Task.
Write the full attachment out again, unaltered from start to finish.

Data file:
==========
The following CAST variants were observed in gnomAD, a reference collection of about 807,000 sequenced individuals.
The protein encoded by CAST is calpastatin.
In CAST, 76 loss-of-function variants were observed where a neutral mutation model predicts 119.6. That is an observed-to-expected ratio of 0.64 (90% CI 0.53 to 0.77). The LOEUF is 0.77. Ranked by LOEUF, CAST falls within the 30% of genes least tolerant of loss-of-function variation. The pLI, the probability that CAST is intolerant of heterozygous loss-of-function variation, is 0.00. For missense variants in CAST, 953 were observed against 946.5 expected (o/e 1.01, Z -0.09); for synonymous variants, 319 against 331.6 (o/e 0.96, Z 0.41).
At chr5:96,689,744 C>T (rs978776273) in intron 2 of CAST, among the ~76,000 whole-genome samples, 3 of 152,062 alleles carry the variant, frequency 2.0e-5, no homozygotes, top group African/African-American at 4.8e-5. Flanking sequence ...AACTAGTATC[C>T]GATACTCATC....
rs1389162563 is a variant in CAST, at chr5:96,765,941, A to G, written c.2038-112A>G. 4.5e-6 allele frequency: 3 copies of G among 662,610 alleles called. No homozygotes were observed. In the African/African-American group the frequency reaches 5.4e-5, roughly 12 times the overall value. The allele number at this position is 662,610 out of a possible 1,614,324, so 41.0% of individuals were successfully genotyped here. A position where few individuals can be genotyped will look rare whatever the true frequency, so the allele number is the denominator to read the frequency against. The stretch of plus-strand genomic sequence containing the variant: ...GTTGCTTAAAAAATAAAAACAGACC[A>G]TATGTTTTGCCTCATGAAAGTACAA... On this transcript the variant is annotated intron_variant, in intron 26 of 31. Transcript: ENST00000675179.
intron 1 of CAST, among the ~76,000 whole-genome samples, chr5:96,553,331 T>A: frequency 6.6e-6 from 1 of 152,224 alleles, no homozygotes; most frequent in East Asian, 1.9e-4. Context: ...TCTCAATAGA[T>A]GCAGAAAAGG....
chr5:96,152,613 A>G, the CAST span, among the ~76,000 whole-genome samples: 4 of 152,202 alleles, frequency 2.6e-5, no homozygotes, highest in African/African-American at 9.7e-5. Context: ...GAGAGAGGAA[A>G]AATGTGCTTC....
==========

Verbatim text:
The following CAST variants were observed in gnomAD, a reference collection of about 807,000 sequenced individuals.
The protein encoded by CAST is calpastatin.
In CAST, 76 loss-of-function variants were observed where a neutral mutation model predicts 119.6. That is an observed-to-expected ratio of 0.64 (90% CI 0.53 to 0.77). The LOEUF is 0.77. Ranked by LOEUF, CAST falls within the 30% of genes least tolerant of loss-of-function variation. The pLI, the probability that CAST is intolerant of heterozygous loss-of-function variation, is 0.00. For missense variants in CAST, 953 were observed against 946.5 expected (o/e 1.01, Z -0.09); for synonymous variants, 319 against 331.6 (o/e 0.96, Z 0.41).
At chr5:96,689,744 C>T (rs978776273) in intron 2 of CAST, among the ~76,000 whole-genome samples, 3 of 152,062 alleles carry the variant, frequency 2.0e-5, no homozygotes, top group African/African-American at 4.8e-5. Flanking sequence ...AACTAGTATC[C>T]GATACTCATC....
rs1389162563 is a variant in CAST, at chr5:96,765,941, A to G, written c.2038-112A>G. 4.5e-6 allele frequency: 3 copies of G among 662,610 alleles called. No homozygotes were observed. In the African/African-American group the frequency reaches 5.4e-5, roughly 12 times the overall value. The allele number at this position is 662,610 out of a possible 1,614,324, so 41.0% of individuals were successfully genotyped here. A position where few individuals can be genotyped will look rare whatever the true frequency, so the allele number is the denominator to read the frequency against. The stretch of plus-strand genomic sequence containing the variant: ...GTTGCTTAAAAAATAAAAACAGACC[A>G]TATGTTTTGCCTCATGAAAGTACAA... On this transcript the variant is annotated intron_variant, in intron 26 of 31. Transcript: ENST00000675179.
intron 1 of CAST, among the ~76,000 whole-genome samples, chr5:96,553,331 T>A: frequency 6.6e-6 from 1 of 152,224 alleles, no homozygotes; most frequent in East Asian, 1.9e-4. Context: ...TCTCAATAGA[T>A]GCAGAAAAGG....
chr5:96,152,613 A>G, the CAST span, among the ~76,000 whole-genome samples: 4 of 152,202 alleles, frequency 2.6e-5, no homozygotes, highest in African/African-American at 9.7e-5. Context: ...GAGAGAGGAA[A>G]AATGTGCTTC....